The current parliamentary session was supposed to end in 2022, but the political parties decided to hold early elections after the popular movement toppled the previous government.

The movement also forced Parliament to legislate a new election law that would provide a greater opportunity for independents and small blocs to rise to Parliament by dividing the country into small districts after a single governorate was considered a single electoral district.

In contrast to Al-Zubaidi, the Iraqi political observer, Sabah Al-Ugaili, saw that the new election law “would bring about change in the country.”

Al-Ugaili told Anatolia, that the new election law “will play a major role in changing the electoral equation that Iraqis have been accustomed to in previous years, as early elections will witness the victory of political parties and new personalities.”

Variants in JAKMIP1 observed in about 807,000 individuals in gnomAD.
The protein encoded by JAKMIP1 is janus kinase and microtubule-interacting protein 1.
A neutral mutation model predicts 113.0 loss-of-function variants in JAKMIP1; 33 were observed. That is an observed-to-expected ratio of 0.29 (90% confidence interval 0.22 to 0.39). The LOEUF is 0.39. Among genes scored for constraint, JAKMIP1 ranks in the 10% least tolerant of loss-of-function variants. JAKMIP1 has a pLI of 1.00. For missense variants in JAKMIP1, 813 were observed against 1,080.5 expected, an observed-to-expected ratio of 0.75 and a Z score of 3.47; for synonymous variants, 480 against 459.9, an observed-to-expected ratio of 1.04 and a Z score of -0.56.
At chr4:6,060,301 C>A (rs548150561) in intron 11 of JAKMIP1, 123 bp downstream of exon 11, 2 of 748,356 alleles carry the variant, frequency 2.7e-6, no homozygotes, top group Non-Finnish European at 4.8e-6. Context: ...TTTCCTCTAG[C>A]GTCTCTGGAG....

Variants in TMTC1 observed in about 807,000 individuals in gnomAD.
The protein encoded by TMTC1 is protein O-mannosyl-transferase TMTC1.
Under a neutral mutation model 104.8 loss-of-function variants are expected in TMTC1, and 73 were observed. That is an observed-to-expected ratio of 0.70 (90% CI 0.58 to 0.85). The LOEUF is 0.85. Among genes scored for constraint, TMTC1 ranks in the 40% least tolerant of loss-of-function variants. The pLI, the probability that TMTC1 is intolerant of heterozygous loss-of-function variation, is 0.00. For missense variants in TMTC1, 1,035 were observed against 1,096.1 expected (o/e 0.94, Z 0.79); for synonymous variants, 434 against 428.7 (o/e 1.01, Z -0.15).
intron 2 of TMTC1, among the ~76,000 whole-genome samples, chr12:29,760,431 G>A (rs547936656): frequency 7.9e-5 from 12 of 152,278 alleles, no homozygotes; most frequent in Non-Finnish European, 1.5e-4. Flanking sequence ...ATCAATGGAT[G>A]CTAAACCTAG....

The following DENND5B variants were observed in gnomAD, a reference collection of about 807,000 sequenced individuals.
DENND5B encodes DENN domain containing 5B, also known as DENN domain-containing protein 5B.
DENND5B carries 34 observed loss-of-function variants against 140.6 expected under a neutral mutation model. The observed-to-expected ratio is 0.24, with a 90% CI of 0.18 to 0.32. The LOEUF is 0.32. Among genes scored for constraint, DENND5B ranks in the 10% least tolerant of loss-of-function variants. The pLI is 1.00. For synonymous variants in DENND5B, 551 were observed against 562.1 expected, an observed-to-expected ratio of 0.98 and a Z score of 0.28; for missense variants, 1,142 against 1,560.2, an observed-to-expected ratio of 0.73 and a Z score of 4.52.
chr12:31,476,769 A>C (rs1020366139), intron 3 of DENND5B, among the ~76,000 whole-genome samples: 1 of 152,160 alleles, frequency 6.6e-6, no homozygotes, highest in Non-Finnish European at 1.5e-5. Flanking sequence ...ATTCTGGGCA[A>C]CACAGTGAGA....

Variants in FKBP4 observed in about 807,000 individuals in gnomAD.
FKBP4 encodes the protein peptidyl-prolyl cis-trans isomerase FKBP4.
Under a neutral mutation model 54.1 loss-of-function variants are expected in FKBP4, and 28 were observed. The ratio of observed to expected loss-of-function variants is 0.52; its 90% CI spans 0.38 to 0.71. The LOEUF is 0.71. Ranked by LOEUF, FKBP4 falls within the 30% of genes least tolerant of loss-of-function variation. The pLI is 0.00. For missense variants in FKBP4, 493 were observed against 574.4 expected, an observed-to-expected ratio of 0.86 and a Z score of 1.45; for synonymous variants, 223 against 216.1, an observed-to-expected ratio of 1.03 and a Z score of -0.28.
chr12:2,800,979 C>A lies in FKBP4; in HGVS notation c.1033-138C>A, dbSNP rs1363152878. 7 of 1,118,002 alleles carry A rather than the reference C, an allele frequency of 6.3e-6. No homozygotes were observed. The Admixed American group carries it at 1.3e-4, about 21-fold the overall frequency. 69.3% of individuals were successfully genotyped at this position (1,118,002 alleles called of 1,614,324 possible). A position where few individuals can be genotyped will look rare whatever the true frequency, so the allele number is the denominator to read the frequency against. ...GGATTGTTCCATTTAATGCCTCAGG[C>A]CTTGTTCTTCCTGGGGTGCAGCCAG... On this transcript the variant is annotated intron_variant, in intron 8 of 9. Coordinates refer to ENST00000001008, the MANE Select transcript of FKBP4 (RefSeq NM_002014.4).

He added that the new law “raises the fears of political forces, which prompted them to call for the formation of an emergency government and to postpone the elections indefinitely under the pretext of the (unstable) security and political situation in the country.”

No political bloc has publicly adopted the proposal to form an emergency government. Rather, there was talk of discussions behind closed doors between political forces (without revealing their names) to postpone the elections to the next year with the formation of an emergency government until that time, according to what was recently circulated in local media. .

Al-Ugaili indicated that the current Iraqi government “is facing a great challenge, especially since expectations indicate that the situation in all governorates will be turbulent and difficult to control.”

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World News

Source : ألدستور